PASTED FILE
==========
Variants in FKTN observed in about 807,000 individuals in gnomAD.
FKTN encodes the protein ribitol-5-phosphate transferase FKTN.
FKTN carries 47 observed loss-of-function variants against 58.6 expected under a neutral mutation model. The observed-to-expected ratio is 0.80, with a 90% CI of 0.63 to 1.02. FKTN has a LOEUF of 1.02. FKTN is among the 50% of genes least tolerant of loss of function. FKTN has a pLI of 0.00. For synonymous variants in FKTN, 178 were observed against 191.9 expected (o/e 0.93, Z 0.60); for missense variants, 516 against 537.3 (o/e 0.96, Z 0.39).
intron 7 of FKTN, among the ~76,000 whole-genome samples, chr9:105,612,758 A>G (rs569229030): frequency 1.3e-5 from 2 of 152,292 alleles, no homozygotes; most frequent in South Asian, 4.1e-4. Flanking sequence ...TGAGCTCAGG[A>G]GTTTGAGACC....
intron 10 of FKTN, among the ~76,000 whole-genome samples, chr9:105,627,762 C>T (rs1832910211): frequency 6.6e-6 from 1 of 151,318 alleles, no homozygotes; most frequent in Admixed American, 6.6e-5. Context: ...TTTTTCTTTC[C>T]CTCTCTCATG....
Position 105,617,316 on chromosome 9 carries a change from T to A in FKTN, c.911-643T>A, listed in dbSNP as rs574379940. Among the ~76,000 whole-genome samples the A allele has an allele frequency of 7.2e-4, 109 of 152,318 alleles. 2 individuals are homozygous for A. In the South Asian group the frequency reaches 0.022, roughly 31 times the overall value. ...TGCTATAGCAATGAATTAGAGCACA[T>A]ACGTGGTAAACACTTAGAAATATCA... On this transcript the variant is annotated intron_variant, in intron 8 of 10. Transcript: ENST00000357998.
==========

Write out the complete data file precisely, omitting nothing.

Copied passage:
Variants in FKTN observed in about 807,000 individuals in gnomAD.
FKTN encodes the protein ribitol-5-phosphate transferase FKTN.
FKTN carries 47 observed loss-of-function variants against 58.6 expected under a neutral mutation model. The observed-to-expected ratio is 0.80, with a 90% CI of 0.63 to 1.02. FKTN has a LOEUF of 1.02. FKTN is among the 50% of genes least tolerant of loss of function. FKTN has a pLI of 0.00. For synonymous variants in FKTN, 178 were observed against 191.9 expected (o/e 0.93, Z 0.60); for missense variants, 516 against 537.3 (o/e 0.96, Z 0.39).
intron 7 of FKTN, among the ~76,000 whole-genome samples, chr9:105,612,758 A>G (rs569229030): frequency 1.3e-5 from 2 of 152,292 alleles, no homozygotes; most frequent in South Asian, 4.1e-4. Flanking sequence ...TGAGCTCAGG[A>G]GTTTGAGACC....
intron 10 of FKTN, among the ~76,000 whole-genome samples, chr9:105,627,762 C>T (rs1832910211): frequency 6.6e-6 from 1 of 151,318 alleles, no homozygotes; most frequent in Admixed American, 6.6e-5. Context: ...TTTTTCTTTC[C>T]CTCTCTCATG....
Position 105,617,316 on chromosome 9 carries a change from T to A in FKTN, c.911-643T>A, listed in dbSNP as rs574379940. Among the ~76,000 whole-genome samples the A allele has an allele frequency of 7.2e-4, 109 of 152,318 alleles. 2 individuals are homozygous for A. In the South Asian group the frequency reaches 0.022, roughly 31 times the overall value. ...TGCTATAGCAATGAATTAGAGCACA[T>A]ACGTGGTAAACACTTAGAAATATCA... On this transcript the variant is annotated intron_variant, in intron 8 of 10. Transcript: ENST00000357998.